THE MANSION HOUSE.
This public building stands in the Close, which was anciently one of the genteelest
parts of the town. The old Mansion House belonged to an old hospital of the town,
and which the common council had thoughts of altering or rebuilding in 1683. In
1691, the present house was begun to be built on the scite of the old one. (fn. 1) It cost
the corporation £6000, besides the necessary furniture. It is a handsome structure of
brick, with an area or court before the north front, and a pleasant terrace adjoining
the river on the south front. A sun-dial upon the terrace is dated 1711. The building has been considerably enlarged by an addition to the west end. The grand entrance is by a flight of steps, which was last year covered, and converted into a
convenient portico. In the grand saloon, the fire-arms, halberts, cutlasses, and other
weapons belonging to the corporation, are tastefully arranged; and over the fire-place
are some fragments of curious armour. The principal stair-case is formed of black
oak, and is singularly commodious and magnificent. The oak-room is above 42 feet
in length, and of a proportionable width. It contains the noble carved chimney-piece
removed from the Bee-hive on the Sandhill, and is altogether a very grand apartment.
It is used as the dancing-room at balls. The dining-room, which is above 50 feet in
length, is sufficiently large to accommodate at least 80 persons. Above the fire-place
is a large painting by Richardson, representing the town as viewed from Sheriff Hill.
There is also a near view of Newcastle, by the same artist, which cost 50 guineas;
and a representation of the scene on the Sandhill at the celebration of the Coronation,
by Parker, and which the corporation purchased for £100. This room is also
adorned with the engraved portraits of several distinguished characters. The
mayor's parlour is peculiarly neat. It contains the regalia, and a good year-clock,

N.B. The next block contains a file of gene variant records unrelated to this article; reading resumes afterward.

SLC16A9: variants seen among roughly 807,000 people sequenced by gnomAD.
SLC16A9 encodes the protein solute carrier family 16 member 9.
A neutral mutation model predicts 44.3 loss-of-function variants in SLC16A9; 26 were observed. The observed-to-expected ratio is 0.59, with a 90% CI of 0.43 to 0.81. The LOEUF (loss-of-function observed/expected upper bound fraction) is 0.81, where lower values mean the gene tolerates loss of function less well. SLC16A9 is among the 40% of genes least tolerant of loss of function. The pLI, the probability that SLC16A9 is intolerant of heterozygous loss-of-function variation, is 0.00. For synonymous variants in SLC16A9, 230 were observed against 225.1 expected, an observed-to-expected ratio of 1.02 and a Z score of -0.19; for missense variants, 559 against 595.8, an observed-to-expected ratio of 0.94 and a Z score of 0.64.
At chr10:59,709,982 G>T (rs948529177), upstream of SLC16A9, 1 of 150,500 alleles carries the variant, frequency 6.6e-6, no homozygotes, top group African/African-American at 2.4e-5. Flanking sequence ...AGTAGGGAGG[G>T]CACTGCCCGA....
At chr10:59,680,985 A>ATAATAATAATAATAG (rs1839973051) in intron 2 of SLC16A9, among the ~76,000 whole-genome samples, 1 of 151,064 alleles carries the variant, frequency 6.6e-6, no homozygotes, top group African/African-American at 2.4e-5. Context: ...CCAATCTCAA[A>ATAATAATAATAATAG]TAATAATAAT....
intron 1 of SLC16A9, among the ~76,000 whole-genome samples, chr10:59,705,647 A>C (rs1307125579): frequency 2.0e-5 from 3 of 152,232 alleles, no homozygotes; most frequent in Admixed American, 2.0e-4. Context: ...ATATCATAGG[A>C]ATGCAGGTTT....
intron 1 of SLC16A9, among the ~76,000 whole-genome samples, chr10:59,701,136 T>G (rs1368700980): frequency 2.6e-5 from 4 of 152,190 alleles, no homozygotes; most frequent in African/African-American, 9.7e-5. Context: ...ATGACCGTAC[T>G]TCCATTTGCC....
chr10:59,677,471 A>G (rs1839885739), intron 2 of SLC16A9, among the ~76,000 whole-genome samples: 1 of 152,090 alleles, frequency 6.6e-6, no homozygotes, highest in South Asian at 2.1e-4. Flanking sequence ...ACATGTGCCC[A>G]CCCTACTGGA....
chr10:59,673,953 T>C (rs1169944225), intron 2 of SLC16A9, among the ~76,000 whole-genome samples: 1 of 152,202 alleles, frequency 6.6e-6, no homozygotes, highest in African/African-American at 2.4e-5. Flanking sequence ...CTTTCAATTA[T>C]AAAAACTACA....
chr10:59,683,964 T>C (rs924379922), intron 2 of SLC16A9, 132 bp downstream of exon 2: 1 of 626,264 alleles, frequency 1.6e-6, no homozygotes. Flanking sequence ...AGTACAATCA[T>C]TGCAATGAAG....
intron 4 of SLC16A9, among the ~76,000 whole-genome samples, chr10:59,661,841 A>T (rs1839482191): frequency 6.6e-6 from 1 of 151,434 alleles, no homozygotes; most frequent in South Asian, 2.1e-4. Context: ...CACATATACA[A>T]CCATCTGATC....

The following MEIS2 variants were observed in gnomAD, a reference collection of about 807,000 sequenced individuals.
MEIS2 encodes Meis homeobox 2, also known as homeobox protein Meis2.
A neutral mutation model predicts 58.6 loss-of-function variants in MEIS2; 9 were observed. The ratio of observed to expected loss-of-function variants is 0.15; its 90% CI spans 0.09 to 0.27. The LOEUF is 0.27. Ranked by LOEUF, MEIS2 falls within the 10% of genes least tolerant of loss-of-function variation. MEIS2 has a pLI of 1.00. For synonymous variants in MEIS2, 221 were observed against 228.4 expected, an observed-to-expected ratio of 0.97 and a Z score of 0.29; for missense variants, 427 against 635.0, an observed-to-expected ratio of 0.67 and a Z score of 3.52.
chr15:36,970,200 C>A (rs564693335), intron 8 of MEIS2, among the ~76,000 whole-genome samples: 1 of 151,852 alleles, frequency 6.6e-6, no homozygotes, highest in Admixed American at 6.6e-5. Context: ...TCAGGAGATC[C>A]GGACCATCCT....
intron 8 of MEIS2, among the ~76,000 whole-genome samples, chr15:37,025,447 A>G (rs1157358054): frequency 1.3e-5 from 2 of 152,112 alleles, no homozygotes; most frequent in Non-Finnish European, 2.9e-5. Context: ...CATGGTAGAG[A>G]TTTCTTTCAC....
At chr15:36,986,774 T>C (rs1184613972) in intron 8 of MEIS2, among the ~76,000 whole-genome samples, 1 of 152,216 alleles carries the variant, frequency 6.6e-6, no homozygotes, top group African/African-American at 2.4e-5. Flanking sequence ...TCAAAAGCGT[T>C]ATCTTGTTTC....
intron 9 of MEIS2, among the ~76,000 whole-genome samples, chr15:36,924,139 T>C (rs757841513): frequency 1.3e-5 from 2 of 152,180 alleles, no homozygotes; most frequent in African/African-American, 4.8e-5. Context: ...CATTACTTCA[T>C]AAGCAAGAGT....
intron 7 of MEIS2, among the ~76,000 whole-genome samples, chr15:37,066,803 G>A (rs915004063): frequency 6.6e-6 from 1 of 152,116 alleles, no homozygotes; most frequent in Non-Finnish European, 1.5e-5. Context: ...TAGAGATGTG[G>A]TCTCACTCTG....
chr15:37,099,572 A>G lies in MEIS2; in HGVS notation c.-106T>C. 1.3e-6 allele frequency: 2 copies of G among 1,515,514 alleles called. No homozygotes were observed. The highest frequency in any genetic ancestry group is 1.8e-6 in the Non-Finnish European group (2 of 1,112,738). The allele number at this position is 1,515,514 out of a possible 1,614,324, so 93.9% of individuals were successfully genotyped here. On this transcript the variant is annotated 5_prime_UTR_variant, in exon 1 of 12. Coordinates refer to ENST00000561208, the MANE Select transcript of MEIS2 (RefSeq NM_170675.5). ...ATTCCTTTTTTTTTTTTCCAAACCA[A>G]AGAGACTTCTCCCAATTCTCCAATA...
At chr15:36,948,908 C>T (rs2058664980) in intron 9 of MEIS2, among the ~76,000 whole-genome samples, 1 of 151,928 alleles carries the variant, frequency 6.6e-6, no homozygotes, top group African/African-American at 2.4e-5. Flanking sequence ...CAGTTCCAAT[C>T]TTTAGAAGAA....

purchased during the mayoralty of M. Featherstonhaugh in 1711. The drawingroom, in 1820, was enlarged and beautified. The large mirror is a fine specimen of
home-manufacture. In the state bed-room a new and very noble bed has recently
been set up. All the other apartments are sumptuously furnished; but the want of a
library is a deficiency that must strike every stranger with surprise. On the whole,
as Bourne observes, this "is a building grand and stately, and, considering the place
it stands in, is very ornamental." The situation, however, is extremely ineligible,
being almost continually enveloped in smoke and soot.
Upon the election of a new mayor annually at Michaelmas, he generally takes up
his residence in the Mansion House during the year of his mayoralty. Besides a
liberal salary, he is allowed a handsome state-coach, a barge, and a valuable and elegant service of plate, &c. His establishment is, however, very expensive. He entertains the judges of assize, with their chief officers and servants, during the assize
weeks; and frequently gives entertainments to very large companies of the gentlemen
and the civil, naval, and military officers in Newcastle and its vicinity. (fn. 2)
The regalia of the corporation are kept in the Mansion House. They consist of a
large mace of silver, gilt, having on it the following inscription:—"Made for the
corporation of Newcastle upon Tyne, anno regni Jacobi Secundi, tertio, annoq. Domini 1687, Nicholas Cole, Esq. mayor; Thomas Pace, Esq. sheriff." The arms of
the town, with those of Cole, on the knob at the bottom: on the part under the
crown, the rose, thistle, and fleurs-de-lis, and the harp, with a crown over each, and
the initials, I. R. Under the mound, the king's arms, with I. 2 R. This principal
piece of the regalia is carried before the mayor, on processions, by the water-bailiff.
Here also are kept two swords of state, of elegant workmanship: the one is covered
with black, the other with scarlet velvet; the former is used on ordinary processions,
the latter on festivals. It is then that the magistrates wear scarlet gowns. (fn. 3)
On July 19, 1821, the day of the coronation of his majesty George IV. the mayor,
George Forster, Esq. was invested with a valuable gold chain and medallion, and
which is to be worn by all future mayors on public occasions. There is also kept in
the Mansion House a massive gold snuff-box, and an elegant gilt one, with the corporation arms, for the use of the mayor for the time being.
The New Library of the Literary and Philosophical Society, the Public Schools,
the Custom House, the Infirmary, Dispensary, House of Recovery, Lying-in Hospital, and some of the other Hospitals for the Poor, deserve to be ranked amongst the
public buildings of the town, especially as some of these buildings display considerable grandeur and beauty of architecture; but their description is so inseparably interwoven with the history and constitution of the establishments to which they belong,
as not to admit of being separated.